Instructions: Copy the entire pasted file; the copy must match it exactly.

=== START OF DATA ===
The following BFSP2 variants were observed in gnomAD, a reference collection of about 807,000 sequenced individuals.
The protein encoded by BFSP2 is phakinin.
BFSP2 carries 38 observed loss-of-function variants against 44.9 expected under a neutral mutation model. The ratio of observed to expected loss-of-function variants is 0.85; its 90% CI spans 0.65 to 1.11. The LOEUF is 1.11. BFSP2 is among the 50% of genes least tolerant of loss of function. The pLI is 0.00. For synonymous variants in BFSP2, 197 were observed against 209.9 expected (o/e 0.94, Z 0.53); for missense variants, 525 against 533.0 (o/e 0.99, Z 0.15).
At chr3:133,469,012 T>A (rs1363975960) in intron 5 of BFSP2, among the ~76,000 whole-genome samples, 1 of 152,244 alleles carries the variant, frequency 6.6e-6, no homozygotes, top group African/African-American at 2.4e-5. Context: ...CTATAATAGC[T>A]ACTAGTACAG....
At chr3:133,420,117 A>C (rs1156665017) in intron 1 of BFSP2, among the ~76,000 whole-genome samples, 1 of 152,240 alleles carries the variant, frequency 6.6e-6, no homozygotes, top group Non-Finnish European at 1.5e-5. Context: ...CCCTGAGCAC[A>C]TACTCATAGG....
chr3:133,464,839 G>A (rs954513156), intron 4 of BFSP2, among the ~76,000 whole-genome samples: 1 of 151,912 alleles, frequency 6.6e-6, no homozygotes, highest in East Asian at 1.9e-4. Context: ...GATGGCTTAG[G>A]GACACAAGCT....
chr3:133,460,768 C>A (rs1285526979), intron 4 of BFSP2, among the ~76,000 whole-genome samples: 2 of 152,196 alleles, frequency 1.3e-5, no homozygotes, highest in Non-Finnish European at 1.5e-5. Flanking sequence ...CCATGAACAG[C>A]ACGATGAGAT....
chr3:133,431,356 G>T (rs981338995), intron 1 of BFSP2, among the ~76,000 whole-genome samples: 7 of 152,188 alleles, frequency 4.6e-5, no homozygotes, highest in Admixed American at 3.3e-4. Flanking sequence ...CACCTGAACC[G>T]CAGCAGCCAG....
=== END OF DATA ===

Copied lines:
The following BFSP2 variants were observed in gnomAD, a reference collection of about 807,000 sequenced individuals.
The protein encoded by BFSP2 is phakinin.
BFSP2 carries 38 observed loss-of-function variants against 44.9 expected under a neutral mutation model. The ratio of observed to expected loss-of-function variants is 0.85; its 90% CI spans 0.65 to 1.11. The LOEUF is 1.11. BFSP2 is among the 50% of genes least tolerant of loss of function. The pLI is 0.00. For synonymous variants in BFSP2, 197 were observed against 209.9 expected (o/e 0.94, Z 0.53); for missense variants, 525 against 533.0 (o/e 0.99, Z 0.15).
At chr3:133,469,012 T>A (rs1363975960) in intron 5 of BFSP2, among the ~76,000 whole-genome samples, 1 of 152,244 alleles carries the variant, frequency 6.6e-6, no homozygotes, top group African/African-American at 2.4e-5. Context: ...CTATAATAGC[T>A]ACTAGTACAG....
At chr3:133,420,117 A>C (rs1156665017) in intron 1 of BFSP2, among the ~76,000 whole-genome samples, 1 of 152,240 alleles carries the variant, frequency 6.6e-6, no homozygotes, top group Non-Finnish European at 1.5e-5. Context: ...CCCTGAGCAC[A>C]TACTCATAGG....
chr3:133,464,839 G>A (rs954513156), intron 4 of BFSP2, among the ~76,000 whole-genome samples: 1 of 151,912 alleles, frequency 6.6e-6, no homozygotes, highest in East Asian at 1.9e-4. Context: ...GATGGCTTAG[G>A]GACACAAGCT....
chr3:133,460,768 C>A (rs1285526979), intron 4 of BFSP2, among the ~76,000 whole-genome samples: 2 of 152,196 alleles, frequency 1.3e-5, no homozygotes, highest in Non-Finnish European at 1.5e-5. Flanking sequence ...CCATGAACAG[C>A]ACGATGAGAT....
chr3:133,431,356 G>T (rs981338995), intron 1 of BFSP2, among the ~76,000 whole-genome samples: 7 of 152,188 alleles, frequency 4.6e-5, no homozygotes, highest in Admixed American at 3.3e-4. Flanking sequence ...CACCTGAACC[G>T]CAGCAGCCAG....